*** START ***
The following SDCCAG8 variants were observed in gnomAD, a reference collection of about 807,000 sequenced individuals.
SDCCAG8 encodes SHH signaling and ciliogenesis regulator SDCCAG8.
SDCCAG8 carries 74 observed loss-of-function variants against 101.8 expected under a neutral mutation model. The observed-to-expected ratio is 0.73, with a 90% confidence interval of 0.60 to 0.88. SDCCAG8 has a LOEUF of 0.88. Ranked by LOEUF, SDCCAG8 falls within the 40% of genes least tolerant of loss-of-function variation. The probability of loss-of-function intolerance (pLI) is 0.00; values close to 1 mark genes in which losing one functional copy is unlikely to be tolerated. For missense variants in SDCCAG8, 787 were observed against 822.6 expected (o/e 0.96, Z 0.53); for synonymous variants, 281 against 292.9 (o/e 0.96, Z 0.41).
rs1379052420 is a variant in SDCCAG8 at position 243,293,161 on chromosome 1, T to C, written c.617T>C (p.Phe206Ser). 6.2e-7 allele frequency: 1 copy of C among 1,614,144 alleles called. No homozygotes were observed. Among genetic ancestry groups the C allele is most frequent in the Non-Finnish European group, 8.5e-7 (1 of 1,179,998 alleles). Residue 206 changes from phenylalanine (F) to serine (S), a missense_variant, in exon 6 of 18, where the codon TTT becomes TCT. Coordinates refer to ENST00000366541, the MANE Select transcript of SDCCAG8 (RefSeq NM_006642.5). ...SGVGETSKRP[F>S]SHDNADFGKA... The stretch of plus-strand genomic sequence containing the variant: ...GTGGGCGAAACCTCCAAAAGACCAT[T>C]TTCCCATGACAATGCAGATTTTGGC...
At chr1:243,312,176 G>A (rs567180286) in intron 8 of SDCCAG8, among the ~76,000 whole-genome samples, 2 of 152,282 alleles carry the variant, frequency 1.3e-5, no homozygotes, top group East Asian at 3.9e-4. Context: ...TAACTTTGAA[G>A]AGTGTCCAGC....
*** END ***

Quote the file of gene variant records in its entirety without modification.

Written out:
The following SDCCAG8 variants were observed in gnomAD, a reference collection of about 807,000 sequenced individuals.
SDCCAG8 encodes SHH signaling and ciliogenesis regulator SDCCAG8.
SDCCAG8 carries 74 observed loss-of-function variants against 101.8 expected under a neutral mutation model. The observed-to-expected ratio is 0.73, with a 90% confidence interval of 0.60 to 0.88. SDCCAG8 has a LOEUF of 0.88. Ranked by LOEUF, SDCCAG8 falls within the 40% of genes least tolerant of loss-of-function variation. The probability of loss-of-function intolerance (pLI) is 0.00; values close to 1 mark genes in which losing one functional copy is unlikely to be tolerated. For missense variants in SDCCAG8, 787 were observed against 822.6 expected (o/e 0.96, Z 0.53); for synonymous variants, 281 against 292.9 (o/e 0.96, Z 0.41).
rs1379052420 is a variant in SDCCAG8 at position 243,293,161 on chromosome 1, T to C, written c.617T>C (p.Phe206Ser). 6.2e-7 allele frequency: 1 copy of C among 1,614,144 alleles called. No homozygotes were observed. Among genetic ancestry groups the C allele is most frequent in the Non-Finnish European group, 8.5e-7 (1 of 1,179,998 alleles). Residue 206 changes from phenylalanine (F) to serine (S), a missense_variant, in exon 6 of 18, where the codon TTT becomes TCT. Coordinates refer to ENST00000366541, the MANE Select transcript of SDCCAG8 (RefSeq NM_006642.5). ...SGVGETSKRP[F>S]SHDNADFGKA... The stretch of plus-strand genomic sequence containing the variant: ...GTGGGCGAAACCTCCAAAAGACCAT[T>C]TTCCCATGACAATGCAGATTTTGGC...
At chr1:243,312,176 G>A (rs567180286) in intron 8 of SDCCAG8, among the ~76,000 whole-genome samples, 2 of 152,282 alleles carry the variant, frequency 1.3e-5, no homozygotes, top group East Asian at 3.9e-4. Context: ...TAACTTTGAA[G>A]AGTGTCCAGC....